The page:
"The prime target objects for active removal would be in altitudes of 900 kilometers [559 miles] ? plus or minus 100 kilometers [62 miles] ? and in inclination bands near 71, 82, and 99 degrees," said Heiner Klinkrad, head of the European Space Agency's Space Debris Office at the European Space Operations Center in Darmstadt, Germany.

Klinkrad told SPACE.com that the most massive LEO objects are 19 Russian Zenith-2 second stages, each tipping the scales on Earth at 8.2 tons empty mass. All of these are in 71-degree orbits at altitudes of about 522 miles (840 km) altitude.

The highest mass concentration overall, Klinkrad added, is in the vicinity of 559 miles (900 km) at 82 degrees inclination. Roughly 300 tons of space hardware is in an "altitude shell" spread out over some 31 miles (50 km).

Paying now or later

"The key point is that when we start removing large objects, it will take a lot of time and a lot of removals to prevent a few collisions ? or else we will have to come up with a better means to pick them," said Darren McKnight, technical director at Integrity Applications Incorporated in Chantilly, Va.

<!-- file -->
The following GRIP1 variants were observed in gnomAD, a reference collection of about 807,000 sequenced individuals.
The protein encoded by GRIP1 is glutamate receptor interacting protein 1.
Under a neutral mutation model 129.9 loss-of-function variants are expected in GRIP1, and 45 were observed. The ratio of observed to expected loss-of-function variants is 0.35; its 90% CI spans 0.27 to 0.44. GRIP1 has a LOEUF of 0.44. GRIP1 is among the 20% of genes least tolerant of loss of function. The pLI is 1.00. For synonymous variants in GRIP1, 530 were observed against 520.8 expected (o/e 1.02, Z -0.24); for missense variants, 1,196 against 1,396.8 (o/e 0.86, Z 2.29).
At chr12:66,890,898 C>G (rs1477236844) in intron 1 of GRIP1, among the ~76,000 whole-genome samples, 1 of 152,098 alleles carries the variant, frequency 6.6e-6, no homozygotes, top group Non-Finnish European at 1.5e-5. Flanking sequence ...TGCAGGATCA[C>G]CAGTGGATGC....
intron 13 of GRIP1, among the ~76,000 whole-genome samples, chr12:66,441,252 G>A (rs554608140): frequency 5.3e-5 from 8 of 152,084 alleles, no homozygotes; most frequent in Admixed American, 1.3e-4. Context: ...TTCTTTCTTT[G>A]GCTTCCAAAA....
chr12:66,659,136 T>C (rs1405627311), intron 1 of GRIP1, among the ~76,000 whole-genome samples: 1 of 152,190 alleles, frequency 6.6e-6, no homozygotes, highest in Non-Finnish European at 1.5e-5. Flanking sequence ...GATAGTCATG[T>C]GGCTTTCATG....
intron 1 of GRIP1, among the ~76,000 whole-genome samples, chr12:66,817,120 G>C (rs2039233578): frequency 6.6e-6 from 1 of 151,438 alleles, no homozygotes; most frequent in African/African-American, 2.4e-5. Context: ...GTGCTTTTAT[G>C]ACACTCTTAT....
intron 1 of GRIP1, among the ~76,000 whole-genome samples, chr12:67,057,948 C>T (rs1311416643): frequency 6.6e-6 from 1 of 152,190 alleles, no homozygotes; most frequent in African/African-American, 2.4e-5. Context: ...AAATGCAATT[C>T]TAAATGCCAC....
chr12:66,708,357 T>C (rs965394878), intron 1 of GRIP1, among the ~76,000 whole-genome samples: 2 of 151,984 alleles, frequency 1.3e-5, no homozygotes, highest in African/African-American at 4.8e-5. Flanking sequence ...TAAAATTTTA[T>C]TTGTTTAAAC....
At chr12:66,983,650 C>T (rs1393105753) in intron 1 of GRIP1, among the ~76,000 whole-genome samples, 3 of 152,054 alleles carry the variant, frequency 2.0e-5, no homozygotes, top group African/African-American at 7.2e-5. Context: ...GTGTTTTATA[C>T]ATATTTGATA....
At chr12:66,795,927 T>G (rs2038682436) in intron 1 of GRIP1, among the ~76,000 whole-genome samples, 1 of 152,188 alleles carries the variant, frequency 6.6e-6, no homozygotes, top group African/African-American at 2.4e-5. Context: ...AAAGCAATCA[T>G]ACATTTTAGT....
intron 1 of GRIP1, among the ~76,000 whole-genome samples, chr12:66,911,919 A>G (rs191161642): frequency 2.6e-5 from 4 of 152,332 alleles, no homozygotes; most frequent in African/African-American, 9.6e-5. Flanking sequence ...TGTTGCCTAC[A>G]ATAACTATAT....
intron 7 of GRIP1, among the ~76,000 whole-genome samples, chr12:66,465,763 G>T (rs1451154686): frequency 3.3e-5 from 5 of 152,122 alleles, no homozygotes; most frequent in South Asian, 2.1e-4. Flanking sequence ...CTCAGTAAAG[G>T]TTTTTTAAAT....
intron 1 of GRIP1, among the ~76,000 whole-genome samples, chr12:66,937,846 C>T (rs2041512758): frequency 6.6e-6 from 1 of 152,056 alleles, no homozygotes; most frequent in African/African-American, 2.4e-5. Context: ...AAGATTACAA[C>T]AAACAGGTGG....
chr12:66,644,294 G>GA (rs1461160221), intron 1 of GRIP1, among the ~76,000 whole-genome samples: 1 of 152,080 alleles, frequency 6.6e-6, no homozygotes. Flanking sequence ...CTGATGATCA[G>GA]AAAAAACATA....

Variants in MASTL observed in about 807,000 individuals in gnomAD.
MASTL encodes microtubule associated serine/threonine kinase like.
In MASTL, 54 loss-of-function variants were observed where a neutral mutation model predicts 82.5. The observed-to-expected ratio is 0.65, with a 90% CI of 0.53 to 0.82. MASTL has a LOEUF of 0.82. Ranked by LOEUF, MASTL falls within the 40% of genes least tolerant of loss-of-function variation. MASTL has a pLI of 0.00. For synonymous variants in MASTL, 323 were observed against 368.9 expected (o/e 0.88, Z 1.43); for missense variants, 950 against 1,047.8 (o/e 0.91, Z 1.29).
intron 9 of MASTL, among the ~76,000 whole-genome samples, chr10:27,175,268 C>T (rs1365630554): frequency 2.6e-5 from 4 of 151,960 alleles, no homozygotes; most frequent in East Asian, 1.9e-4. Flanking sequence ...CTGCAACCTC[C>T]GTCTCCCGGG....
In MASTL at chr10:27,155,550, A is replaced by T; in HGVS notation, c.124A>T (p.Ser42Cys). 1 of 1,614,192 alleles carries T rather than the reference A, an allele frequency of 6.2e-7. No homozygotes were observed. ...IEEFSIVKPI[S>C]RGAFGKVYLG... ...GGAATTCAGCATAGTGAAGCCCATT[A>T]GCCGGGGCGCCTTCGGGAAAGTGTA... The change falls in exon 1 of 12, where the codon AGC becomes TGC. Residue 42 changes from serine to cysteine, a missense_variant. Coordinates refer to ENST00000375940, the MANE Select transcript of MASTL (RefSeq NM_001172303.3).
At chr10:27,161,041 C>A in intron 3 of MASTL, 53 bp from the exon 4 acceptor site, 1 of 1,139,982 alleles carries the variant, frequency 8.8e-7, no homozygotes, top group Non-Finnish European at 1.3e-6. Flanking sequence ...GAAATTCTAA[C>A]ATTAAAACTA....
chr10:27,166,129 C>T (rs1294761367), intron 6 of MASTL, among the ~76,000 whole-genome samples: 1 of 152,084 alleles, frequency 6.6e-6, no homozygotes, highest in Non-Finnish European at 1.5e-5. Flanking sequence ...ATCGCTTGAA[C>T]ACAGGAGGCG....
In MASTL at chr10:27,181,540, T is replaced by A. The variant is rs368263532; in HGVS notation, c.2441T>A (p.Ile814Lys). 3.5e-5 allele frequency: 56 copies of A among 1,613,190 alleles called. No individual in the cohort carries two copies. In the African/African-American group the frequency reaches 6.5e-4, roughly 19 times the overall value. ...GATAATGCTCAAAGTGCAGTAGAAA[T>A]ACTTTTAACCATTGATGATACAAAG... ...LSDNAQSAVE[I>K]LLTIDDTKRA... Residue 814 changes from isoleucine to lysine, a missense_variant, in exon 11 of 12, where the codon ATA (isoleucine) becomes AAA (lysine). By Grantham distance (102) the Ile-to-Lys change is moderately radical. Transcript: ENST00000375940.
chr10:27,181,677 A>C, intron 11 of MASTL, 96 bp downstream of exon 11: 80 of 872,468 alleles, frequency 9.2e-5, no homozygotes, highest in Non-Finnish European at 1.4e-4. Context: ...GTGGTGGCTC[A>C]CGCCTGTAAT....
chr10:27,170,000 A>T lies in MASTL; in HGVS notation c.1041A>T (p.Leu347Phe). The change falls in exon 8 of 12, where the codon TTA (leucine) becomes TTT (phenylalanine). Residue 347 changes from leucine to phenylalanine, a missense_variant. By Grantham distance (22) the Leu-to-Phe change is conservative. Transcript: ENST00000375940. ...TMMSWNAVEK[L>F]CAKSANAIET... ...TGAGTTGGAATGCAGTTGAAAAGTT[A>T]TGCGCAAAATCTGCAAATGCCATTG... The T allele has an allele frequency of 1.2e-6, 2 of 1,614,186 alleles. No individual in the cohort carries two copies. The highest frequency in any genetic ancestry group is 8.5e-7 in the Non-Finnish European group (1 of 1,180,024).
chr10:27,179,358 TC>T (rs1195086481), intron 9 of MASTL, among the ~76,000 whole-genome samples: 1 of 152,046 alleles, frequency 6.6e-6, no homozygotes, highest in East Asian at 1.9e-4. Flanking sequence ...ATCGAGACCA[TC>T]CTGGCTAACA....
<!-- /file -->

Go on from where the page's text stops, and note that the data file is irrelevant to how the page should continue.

"Unfortunately, once the hazard is unacceptable and the impetus is created for action, it will likely take years for the active debris removal systems to be developed, tested and proven operationally effective," McKnight told SPACE.com. "In addition, it will take even longer for the associated incentive, regulatory, and policy formulations to evolve."

In McKnight's view, debris removal is a "Pay me now or pay me more later" proposition.

"That is where we are right now. There is insufficient hazard for an individual operator to perform debris removal, based on the hazard to an individual satellite. But the overall environmental stability is clearly at a state where continued lack of action will make the problem harder and more expensive to deal with at some point," McKnight said.

Leonard David has been reporting on the space industry for more than five decades. He is past editor-in-chief of the National Space Society's Ad Astra and Space World magazines and has written for SPACE.com since 1999.